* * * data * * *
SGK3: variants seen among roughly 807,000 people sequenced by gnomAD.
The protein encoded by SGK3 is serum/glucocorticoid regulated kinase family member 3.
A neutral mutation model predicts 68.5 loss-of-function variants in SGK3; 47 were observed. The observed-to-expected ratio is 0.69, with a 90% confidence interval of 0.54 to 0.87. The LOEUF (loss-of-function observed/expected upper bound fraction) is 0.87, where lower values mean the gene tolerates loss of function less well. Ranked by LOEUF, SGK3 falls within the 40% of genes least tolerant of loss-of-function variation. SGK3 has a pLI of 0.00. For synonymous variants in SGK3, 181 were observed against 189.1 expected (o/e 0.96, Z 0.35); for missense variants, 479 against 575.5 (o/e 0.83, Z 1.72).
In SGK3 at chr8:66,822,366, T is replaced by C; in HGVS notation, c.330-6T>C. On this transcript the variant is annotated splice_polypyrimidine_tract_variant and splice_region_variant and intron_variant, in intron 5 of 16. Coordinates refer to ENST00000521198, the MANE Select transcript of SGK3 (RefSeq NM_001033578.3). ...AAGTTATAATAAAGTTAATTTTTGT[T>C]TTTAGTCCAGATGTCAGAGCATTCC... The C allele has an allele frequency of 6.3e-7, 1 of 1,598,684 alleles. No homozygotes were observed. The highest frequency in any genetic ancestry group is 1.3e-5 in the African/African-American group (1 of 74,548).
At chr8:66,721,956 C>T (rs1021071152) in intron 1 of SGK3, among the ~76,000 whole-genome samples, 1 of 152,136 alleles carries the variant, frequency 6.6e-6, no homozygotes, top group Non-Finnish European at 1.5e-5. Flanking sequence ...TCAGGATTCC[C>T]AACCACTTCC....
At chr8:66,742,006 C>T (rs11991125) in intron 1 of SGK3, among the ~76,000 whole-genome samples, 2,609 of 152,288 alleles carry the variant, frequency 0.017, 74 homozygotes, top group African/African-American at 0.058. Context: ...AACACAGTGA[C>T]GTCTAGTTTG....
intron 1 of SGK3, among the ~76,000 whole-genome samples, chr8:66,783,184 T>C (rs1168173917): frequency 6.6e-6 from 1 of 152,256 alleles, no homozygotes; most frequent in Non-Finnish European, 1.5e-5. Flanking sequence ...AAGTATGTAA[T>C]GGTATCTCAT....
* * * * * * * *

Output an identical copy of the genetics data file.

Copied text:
SGK3: variants seen among roughly 807,000 people sequenced by gnomAD.
The protein encoded by SGK3 is serum/glucocorticoid regulated kinase family member 3.
A neutral mutation model predicts 68.5 loss-of-function variants in SGK3; 47 were observed. The observed-to-expected ratio is 0.69, with a 90% confidence interval of 0.54 to 0.87. The LOEUF (loss-of-function observed/expected upper bound fraction) is 0.87, where lower values mean the gene tolerates loss of function less well. Ranked by LOEUF, SGK3 falls within the 40% of genes least tolerant of loss-of-function variation. SGK3 has a pLI of 0.00. For synonymous variants in SGK3, 181 were observed against 189.1 expected (o/e 0.96, Z 0.35); for missense variants, 479 against 575.5 (o/e 0.83, Z 1.72).
In SGK3 at chr8:66,822,366, T is replaced by C; in HGVS notation, c.330-6T>C. On this transcript the variant is annotated splice_polypyrimidine_tract_variant and splice_region_variant and intron_variant, in intron 5 of 16. Coordinates refer to ENST00000521198, the MANE Select transcript of SGK3 (RefSeq NM_001033578.3). ...AAGTTATAATAAAGTTAATTTTTGT[T>C]TTTAGTCCAGATGTCAGAGCATTCC... The C allele has an allele frequency of 6.3e-7, 1 of 1,598,684 alleles. No homozygotes were observed. The highest frequency in any genetic ancestry group is 1.3e-5 in the African/African-American group (1 of 74,548).
At chr8:66,721,956 C>T (rs1021071152) in intron 1 of SGK3, among the ~76,000 whole-genome samples, 1 of 152,136 alleles carries the variant, frequency 6.6e-6, no homozygotes, top group Non-Finnish European at 1.5e-5. Flanking sequence ...TCAGGATTCC[C>T]AACCACTTCC....
At chr8:66,742,006 C>T (rs11991125) in intron 1 of SGK3, among the ~76,000 whole-genome samples, 2,609 of 152,288 alleles carry the variant, frequency 0.017, 74 homozygotes, top group African/African-American at 0.058. Context: ...AACACAGTGA[C>T]GTCTAGTTTG....
intron 1 of SGK3, among the ~76,000 whole-genome samples, chr8:66,783,184 T>C (rs1168173917): frequency 6.6e-6 from 1 of 152,256 alleles, no homozygotes; most frequent in Non-Finnish European, 1.5e-5. Flanking sequence ...AAGTATGTAA[T>C]GGTATCTCAT....